Test-optional policies tend to increase applicant numbers, creating higher selectivity for the schools, and since students who did better on standardized tests report their scores, while students with low scores often do not, the school can report artificially inflated test scores of accepted applicants.

Notably, the only “test-blind” school, Hampshire College, is unranked by US News. Hampshire College does not consider any ACT or SAT scores as part of its admissions policy, and therefore has no scores to report. Sarah Lawrence was once “test-blind” as well, from 2003 to 2012. In 2012, Sarah Lawrence switched to a “test-optional” policy, presumably to rejoin the ranks of US News, among other reasons.

Bottom-line: Should I send my scores?

At the end of the day, you might be deliberating over whether or not to send your scores. Here are some considerations to assist in your decision:

Research the range of standardized test scores for accepted students

According to U.S. News, “If you do some research and find that your results fall below those of the top third of accepted students at more selective schools or below the median at more inclusive institutions, you may want to hold them back.”

Decide if your test scores accurately represent your potential as a student

At the College of the Holy Cross, Director of Admissions Ann McDermott writes, “If you feel your testing says something about you and your abilities, feel free to send them along. We will look at them in conjunction with your transcript, your recommendations, essay, and interview (if you have had one) and make our assessment.  If, on the other hand, you feel that your test scores do not represent you well, then do not hesitate to withhold them. We will not make any assumptions about your testing, and will focus our attention on your transcript and the other accompanying credentials that are contained in your application.”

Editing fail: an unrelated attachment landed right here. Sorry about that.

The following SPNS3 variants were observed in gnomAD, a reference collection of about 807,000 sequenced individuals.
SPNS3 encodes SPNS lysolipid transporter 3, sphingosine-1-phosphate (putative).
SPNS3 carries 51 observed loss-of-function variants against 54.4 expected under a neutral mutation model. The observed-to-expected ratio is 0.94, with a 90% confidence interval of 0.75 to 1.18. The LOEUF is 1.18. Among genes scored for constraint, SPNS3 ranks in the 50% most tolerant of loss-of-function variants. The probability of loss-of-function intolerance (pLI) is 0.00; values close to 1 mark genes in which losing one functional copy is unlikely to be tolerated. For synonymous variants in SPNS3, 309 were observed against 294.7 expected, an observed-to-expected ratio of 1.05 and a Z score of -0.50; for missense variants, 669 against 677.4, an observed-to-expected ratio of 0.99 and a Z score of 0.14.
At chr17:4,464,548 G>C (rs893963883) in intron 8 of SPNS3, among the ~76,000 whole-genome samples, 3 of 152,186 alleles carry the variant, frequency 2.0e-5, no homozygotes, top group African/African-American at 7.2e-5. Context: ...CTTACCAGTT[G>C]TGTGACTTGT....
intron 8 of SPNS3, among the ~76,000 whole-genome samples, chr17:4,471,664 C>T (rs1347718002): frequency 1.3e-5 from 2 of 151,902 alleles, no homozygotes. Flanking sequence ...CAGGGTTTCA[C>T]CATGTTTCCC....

Take a hard look at your academic performance and activity list

Jane H. Dane, associate vice president for enrollment management at Old Dominion University in Virginia, notes that applicants who withhold scores are “particularly scrutinized for other evidence of potential for success, like challenging course work and leadership skills. The more well-rounded you are, the better your chances of impressing without scores.”

Remember that regardless of testing policies, all schools look at more than your scores

Try to remember that test scores are just one part of your college application, and not even the most significant one. As the College Board reminds us, “College admission officers give the most weight and importance to your high school grades and whether you’re challenging yourself.”

Determining the best testing options for each student requires consideration of a variety of factors and personal preferences. For more information on standardized testing, or any other aspect of the college admissions process, feel free to contact Collegiate Gateway. We’re always happy to help!

What is a High School Profile and What Role Does it Play in College Admissions?